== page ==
The too low calculations have a lot to do with politics, as it became clear at the Berlin State Opera. Instead of 239 million euros, the conversion cost more than 400 million, seven years dragged the renovation down. An investigative committee tried to shed some light on the subject.

Calculation of costs according to the salami tactic

The conclusion: bankruptcies, bad luck and mishaps mingled with the wishes of the landlords, which were overrated by critics. For expensive money, an underground connection between the opera house and the administrative and rehearsal rooms had to be dug into the Berlin mud floor. The hall ceiling was raised five meters to allow the music to resonate half a second longer.

The costs, which became clear in the commission of inquiry, were initially calculated to bring the project through the political authorities. After the salami tactic, they were then gradually increased. The federal government had capped its financial participation, Berlin remained sitting on the additional costs.

The Staatsoper Unter den Linden has been shining in the new plush for almost two years, the stage technology is at its best. Daniel Barenboim's house has been spared the fate of Richard Wagner's festival arena.

Wagner had to seek a loan from King Ludwig II of Bavaria to complete the theater on the Green Hill. The money paid back the family until 1906. However, the first festival with the "Ring des Nibelungen" became a financial disaster. After that the festival house was empty for six years.

In the video: When Merkel expects applause, there is deathly silence in the audience

flr / dpa

                            

Berlin – Rent Freeze Nationwide? Idea Heats Housing Debate

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In the debate on affordable rents, the demand for a nationwide Mietendeckel louder. After the left-wing faction in the Bundestag, the acting SPD leader Thorsten Schäfer-Gümbel spoke in favor of it. The goal is to freeze the rents in sought-after residential areas for five years largely, he said the "Tagesspiegel" (Friday).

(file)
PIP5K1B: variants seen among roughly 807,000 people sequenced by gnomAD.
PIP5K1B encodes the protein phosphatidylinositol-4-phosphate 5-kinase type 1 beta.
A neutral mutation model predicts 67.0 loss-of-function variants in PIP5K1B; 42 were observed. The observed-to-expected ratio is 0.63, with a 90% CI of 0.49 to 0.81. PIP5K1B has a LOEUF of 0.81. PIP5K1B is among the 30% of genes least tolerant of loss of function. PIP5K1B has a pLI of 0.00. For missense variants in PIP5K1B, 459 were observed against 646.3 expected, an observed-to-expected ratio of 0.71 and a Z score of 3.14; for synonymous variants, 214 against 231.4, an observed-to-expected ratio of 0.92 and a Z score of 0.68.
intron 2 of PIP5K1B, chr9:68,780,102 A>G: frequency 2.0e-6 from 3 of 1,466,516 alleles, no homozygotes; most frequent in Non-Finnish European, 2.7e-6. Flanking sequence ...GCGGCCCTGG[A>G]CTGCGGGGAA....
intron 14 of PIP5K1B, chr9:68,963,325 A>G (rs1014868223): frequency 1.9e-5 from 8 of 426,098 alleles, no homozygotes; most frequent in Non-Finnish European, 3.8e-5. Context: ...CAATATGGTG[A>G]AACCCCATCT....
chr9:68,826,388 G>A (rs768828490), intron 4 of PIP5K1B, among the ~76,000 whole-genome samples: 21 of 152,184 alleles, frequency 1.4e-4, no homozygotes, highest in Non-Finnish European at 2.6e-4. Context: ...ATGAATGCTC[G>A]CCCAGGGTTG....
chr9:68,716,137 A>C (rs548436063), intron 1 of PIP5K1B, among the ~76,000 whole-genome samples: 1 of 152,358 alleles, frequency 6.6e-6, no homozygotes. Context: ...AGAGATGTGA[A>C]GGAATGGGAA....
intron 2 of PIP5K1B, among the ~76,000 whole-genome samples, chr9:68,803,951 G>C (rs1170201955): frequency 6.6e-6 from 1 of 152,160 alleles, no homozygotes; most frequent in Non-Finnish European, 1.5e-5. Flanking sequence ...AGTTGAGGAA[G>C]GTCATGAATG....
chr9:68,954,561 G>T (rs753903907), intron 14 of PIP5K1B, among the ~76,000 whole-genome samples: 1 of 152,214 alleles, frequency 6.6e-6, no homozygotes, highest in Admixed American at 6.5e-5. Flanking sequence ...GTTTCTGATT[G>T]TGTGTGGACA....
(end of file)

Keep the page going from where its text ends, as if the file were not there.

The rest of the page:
A Mietendeckel is currently being discussed for the city of Berlin. There, a citizens' initiative also drove forward a referendum on the expropriation of large housing companies.

Rental price cap for the whole of Germany "highly problematic"

"We need the rent cover for all of Germany," said Schäfer-Gümbel the newspaper. "We will address this in the coalition in the next few days and make the subject," announced the SPD politician.

Opponents from the coalition came quickly: Union Fraction vice Thorsten Frei referred to a nationwide Mietpreisdeckel in an interview with the "Badische Zeitung" (Saturday) as "highly problematic". On the one hand because the rental market nationwide is not uniform, on the other hand because it dampens the incentive to build new. "And thirdly, it can be expected that before the entry into force of such a solution could lead to a large-scale Mietsprung to once again exhaust all possibilities on the part of landlords – although many landlords otherwise would not have considered."

In a Mietdeckel on federal level, it is according to Schäfer-Gümbel for a respite. "It gives us time to build, build and build again." New parts of the city had to be created and ways had to be found "to get work back into the country, so that people would not be in the situation of moving to agglomerations."

Distinction "according to age, condition and equipment of the Building "

In Berlin, the red-red-green Senate wants to advise on Tuesday about a key points paper to a Mietendeckel. If he gives his okay, a bill could be worked out.

The paper provides for freezing rents for five years. Too high rents should also be reduced on application. The housing industry reacted indignantly. The key paper serves initially as a template and is not yet carved in stone. The Berlin Senator for Housing, Katrin Lompscher (left), told the news magazine "Der Spiegel" that she wanted to differentiate the rental cover "by age, condition and equipment of the building."

The frustration of high rents in many places large. Especially in large cities, many find in affordable locations often no affordable housing. Again and again there are big rent demos in cities.

Little enthusiasm for Angela Merkel

Chancellor Angela Merkel (CDU) spoke on Friday as a guest speaker at the annual meeting of the German Tenants' Association in Cologne